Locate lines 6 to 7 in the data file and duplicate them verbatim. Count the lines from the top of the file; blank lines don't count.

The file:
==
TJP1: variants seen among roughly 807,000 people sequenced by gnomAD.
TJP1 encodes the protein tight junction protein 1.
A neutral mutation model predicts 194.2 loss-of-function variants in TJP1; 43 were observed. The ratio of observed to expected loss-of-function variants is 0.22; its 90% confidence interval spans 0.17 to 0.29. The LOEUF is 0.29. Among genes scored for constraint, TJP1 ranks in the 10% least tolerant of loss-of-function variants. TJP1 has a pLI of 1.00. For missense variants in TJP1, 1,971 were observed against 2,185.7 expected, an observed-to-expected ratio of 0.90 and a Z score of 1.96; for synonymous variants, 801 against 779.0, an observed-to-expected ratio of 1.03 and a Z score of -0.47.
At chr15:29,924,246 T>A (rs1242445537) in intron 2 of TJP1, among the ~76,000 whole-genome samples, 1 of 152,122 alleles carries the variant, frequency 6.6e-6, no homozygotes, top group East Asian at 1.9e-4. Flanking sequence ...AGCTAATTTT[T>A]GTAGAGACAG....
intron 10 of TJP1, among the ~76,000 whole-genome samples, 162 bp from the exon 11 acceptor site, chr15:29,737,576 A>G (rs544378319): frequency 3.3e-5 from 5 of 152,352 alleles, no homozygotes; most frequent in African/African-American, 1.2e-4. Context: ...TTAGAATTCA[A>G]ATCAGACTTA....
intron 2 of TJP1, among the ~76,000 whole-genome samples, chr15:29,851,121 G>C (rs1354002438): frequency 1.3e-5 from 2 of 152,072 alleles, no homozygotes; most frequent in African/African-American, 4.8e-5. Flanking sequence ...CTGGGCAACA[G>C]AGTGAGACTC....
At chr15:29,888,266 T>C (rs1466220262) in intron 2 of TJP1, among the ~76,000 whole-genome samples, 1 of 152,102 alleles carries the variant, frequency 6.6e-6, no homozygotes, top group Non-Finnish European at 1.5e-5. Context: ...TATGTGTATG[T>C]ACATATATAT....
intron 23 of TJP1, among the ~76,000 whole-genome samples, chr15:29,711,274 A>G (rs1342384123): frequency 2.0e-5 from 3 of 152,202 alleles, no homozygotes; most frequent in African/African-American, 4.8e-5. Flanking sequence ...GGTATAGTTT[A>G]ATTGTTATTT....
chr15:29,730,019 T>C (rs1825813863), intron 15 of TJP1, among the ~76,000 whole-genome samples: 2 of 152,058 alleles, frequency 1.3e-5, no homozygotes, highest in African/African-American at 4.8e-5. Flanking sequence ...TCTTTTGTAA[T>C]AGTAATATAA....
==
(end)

intron 2 of TJP1, among the ~76,000 whole-genome samples, chr15:29,851,121 G>C (rs1354002438): frequency 1.3e-5 from 2 of 152,072 alleles, no homozygotes; most frequent in African/African-American, 4.8e-5. Flanking sequence ...CTGGGCAACA[G>C]AGTGAGACTC....
At chr15:29,888,266 T>C (rs1466220262) in intron 2 of TJP1, among the ~76,000 whole-genome samples, 1 of 152,102 alleles carries the variant, frequency 6.6e-6, no homozygotes, top group Non-Finnish European at 1.5e-5. Context: ...TATGTGTATG[T>C]ACATATATAT....